Can Beer Change the World?

                                                                     by Mike Retzlaff

As many Crescent City Homebrewers club members know, I have a website focused on beer and home brewing.  One of the perks which my website host provides is a Statistics Page.  This tool provides me with a running total of which of the posted articles are accessed, how many views, how many visitors, and in which countries the viewers reside.

Over the last two years, I’ve had over 50 hits on my website from the mainland of China.  That doesn’t seem to be a large number unless and until you consider the firewall the Chinese Communist Party has imposed to block influence from the outside world.  Yet, I continue to get traffic from that country.

I’ve noticed the news reports of the recent demonstrations in China over the Covid 19 zero tolerance lockdown.  These demonstrations, which border on rioting, illustrate the rebellious nature of an oppressed and increasingly desperate people.  This seems to be compounded by the fact that most of the beer in China is of lesser quality than that I am willing to drink on a regular basis.  Wusu, Tsingtao, Yanjing, along with the other major beer brands in China taste as if they were filtered through a bale of hay and in some cases, two bales.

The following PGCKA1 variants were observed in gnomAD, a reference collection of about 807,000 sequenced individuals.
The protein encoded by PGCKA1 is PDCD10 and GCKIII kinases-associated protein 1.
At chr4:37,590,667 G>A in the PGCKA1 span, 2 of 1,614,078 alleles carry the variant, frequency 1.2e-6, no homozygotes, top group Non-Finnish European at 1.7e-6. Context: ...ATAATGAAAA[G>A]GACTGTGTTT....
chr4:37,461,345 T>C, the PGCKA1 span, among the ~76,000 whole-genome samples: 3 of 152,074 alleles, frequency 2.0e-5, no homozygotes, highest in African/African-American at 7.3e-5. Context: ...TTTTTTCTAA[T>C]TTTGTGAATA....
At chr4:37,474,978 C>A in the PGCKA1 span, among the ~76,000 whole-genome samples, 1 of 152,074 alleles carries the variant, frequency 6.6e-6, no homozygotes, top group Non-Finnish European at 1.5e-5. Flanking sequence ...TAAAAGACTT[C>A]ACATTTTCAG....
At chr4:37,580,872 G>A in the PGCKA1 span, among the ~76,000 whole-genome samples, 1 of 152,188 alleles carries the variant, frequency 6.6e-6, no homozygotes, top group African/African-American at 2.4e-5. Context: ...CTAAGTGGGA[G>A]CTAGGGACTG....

Perhaps it is only coincidence that the Chinese people have reached their breaking point over the many social restrictions coupled with a lack of good beer.  The Republic of China, (Taiwan) has scored less than half of The Peoples Republic of China’s views on my site but remains a peaceful and productive society even though their beer is quite similar to that of the mainland.

Should I share this observation with the US State Department or one of the Intelligence agencies?  My concern is that this could foster sinister and covert actions to weaponize our beloved beverage.  Could this, in turn, be used against us?  Can and will beer truly change the world?  Would that change be for the better or worse?  Would sharing this observation bring me fame or infamy?  Would future generations revere my family name or revile it?

Upon reflection, please forget I said anything.

%d bloggers like this: